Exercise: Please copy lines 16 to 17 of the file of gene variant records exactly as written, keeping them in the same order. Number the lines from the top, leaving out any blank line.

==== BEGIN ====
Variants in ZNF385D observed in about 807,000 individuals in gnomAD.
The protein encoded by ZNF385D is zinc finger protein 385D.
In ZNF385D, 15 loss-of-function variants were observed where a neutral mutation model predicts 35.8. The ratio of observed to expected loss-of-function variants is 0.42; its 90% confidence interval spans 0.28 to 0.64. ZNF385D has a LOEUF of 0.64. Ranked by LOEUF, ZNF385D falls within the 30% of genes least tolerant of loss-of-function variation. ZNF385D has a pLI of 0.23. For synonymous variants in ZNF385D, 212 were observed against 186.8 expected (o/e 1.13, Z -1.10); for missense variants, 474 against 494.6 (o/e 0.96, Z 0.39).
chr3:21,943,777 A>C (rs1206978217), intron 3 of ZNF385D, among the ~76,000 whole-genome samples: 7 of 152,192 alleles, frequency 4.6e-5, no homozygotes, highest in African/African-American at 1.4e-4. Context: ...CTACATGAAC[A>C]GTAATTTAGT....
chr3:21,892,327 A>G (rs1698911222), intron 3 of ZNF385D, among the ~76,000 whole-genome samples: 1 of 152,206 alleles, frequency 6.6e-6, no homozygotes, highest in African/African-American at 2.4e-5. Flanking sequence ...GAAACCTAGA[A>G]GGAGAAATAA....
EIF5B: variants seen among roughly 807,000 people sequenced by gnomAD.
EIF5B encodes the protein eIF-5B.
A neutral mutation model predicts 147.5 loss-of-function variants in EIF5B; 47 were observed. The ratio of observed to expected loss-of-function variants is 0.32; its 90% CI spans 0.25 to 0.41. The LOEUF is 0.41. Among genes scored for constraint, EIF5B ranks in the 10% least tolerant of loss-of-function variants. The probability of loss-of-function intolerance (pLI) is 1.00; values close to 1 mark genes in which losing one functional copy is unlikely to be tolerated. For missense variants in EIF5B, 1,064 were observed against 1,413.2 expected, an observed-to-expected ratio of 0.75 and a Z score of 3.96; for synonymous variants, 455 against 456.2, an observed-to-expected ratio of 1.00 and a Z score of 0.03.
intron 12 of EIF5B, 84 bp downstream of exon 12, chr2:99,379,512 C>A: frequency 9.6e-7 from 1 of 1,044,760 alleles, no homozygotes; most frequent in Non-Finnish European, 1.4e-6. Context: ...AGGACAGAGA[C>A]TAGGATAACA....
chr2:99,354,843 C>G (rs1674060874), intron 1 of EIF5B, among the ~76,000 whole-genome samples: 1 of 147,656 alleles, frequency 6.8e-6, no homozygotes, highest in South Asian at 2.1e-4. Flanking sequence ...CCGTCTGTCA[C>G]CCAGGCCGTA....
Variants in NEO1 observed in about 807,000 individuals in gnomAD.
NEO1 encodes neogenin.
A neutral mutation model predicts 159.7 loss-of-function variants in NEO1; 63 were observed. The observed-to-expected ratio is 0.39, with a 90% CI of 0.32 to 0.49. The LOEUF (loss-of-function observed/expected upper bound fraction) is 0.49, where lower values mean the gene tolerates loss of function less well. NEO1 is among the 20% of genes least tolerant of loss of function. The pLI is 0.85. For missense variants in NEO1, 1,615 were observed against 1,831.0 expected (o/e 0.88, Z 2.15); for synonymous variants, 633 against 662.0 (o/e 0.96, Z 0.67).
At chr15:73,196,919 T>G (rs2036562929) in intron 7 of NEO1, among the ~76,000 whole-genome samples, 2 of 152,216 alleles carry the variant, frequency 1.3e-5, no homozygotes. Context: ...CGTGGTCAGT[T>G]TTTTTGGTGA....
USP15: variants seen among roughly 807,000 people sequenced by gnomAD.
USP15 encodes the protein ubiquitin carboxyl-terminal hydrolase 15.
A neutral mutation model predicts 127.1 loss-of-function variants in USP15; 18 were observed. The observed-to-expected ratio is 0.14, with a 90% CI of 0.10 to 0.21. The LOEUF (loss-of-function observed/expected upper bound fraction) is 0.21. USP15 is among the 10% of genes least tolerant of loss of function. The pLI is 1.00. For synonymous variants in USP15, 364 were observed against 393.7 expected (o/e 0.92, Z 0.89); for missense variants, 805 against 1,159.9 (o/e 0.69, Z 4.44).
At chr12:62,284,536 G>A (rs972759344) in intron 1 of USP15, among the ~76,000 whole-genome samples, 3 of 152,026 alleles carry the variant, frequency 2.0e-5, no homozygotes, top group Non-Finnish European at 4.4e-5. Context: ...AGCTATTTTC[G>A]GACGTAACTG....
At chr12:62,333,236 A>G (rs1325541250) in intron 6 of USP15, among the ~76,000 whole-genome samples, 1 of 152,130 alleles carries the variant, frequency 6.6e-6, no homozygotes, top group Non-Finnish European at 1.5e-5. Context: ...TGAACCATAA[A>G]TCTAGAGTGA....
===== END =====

USP15 encodes the protein ubiquitin carboxyl-terminal hydrolase 15.
A neutral mutation model predicts 127.1 loss-of-function variants in USP15; 18 were observed. The observed-to-expected ratio is 0.14, with a 90% CI of 0.10 to 0.21. The LOEUF (loss-of-function observed/expected upper bound fraction) is 0.21. USP15 is among the 10% of genes least tolerant of loss of function. The pLI is 1.00. For synonymous variants in USP15, 364 were observed against 393.7 expected (o/e 0.92, Z 0.89); for missense variants, 805 against 1,159.9 (o/e 0.69, Z 4.44).